On 4/15/2013 2:34 AM, Bruno Marchal wrote:
On 14 Apr 2013, at 21:45, meekerdb wrote:
On 4/14/2013 6:37 AM, Telmo Menezes wrote:
On Sun, Apr 14, 2013 at 12:52 AM, meekerdb <meeke...@verizon.net> wrote:
On 4/13/2013 2:40 PM, Telmo Menezes wrote:
What knowledge do you think has come from philosophy?
You are aware that by asking this question you are already doing philosophy?
Some of my favorites: the scientific method, logic, the
systematisation of fallacies, Descarte's cogito, theories about
knowledge itself (Epistemology). The entire intellectual foundation of
western civilisation may make it to the list too, but it's a bit hard
to enumerate all the ideas...
"The philosophy of science is just about as useful to scientists
as ornithology is to birds."
--- Steven Weinberg
Funny as it might be to treat scientists as a biological class of
organisms, this is a bit silly. Popper's principle of falsifiability
seems rather useful to me. Occam's razor is not that bad either.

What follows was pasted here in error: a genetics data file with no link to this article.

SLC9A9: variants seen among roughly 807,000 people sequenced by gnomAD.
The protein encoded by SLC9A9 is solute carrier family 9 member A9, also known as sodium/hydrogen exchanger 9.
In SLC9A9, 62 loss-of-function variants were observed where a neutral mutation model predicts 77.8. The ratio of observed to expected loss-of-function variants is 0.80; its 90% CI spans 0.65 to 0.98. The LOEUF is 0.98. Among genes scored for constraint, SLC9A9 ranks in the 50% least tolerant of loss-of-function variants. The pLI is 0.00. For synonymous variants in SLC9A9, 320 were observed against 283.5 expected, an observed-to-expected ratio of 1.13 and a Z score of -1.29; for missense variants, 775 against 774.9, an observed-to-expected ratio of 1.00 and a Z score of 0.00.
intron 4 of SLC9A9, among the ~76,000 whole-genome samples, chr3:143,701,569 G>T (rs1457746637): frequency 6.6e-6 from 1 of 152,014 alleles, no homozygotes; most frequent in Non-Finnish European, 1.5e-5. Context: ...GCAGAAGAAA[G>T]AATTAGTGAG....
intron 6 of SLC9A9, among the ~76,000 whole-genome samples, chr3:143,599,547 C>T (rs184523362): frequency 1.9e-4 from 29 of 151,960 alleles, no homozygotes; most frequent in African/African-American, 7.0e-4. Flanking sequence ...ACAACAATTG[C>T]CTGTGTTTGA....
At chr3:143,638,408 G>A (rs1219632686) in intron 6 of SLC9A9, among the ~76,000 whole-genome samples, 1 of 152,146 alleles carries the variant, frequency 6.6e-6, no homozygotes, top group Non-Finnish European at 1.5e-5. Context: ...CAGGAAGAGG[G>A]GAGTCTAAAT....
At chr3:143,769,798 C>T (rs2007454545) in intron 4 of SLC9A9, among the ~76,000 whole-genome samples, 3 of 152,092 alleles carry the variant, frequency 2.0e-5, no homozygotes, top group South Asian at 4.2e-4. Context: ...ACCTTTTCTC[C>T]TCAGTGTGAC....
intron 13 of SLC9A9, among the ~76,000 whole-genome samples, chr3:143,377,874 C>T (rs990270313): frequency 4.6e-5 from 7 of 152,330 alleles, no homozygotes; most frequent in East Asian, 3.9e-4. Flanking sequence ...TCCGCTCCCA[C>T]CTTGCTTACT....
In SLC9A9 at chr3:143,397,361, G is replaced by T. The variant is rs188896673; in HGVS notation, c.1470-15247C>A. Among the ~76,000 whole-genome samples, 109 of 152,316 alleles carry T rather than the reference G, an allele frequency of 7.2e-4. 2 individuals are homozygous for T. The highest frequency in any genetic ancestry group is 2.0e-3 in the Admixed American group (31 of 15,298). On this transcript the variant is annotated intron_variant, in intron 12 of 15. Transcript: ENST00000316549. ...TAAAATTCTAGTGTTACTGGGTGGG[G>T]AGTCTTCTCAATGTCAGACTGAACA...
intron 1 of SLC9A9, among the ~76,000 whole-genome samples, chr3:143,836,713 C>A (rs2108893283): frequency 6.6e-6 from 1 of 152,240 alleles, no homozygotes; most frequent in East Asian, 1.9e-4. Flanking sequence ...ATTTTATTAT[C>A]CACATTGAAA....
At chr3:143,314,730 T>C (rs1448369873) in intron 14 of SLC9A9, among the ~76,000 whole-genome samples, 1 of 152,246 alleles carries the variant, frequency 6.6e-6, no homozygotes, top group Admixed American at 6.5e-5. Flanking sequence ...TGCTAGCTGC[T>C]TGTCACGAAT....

Useful summaries of practice and explication of science, but are they
There is no knowledge as such in science.
That's contrary to all usage. It means I don't know the Earth is round and I don't know
there's a refrigerator in my kitchen. I understand these are theories or models and that
they are defeasible. But to say there is no knowledge because knowledge must be certain
seems perverse. And it doesn't comport with your own formula that "knowledge = true
belief". My belief that there's a refrigerator in my kitchen can be true without being
certain. If I go now and look in the kitchen and see a refrigerator then my belief is
true and constitutes knowledge.
But this seems very different from say, Popper's principle of falsifiability. Is it a
definition? A normative rule about how we use the word "science"? Or is it advice about
how to weigh theories when deciding which one to work on? Is Popper's principle falsifiable?
Only falsifiable beliefs.
Are you asserting that there are no true beliefs in science?
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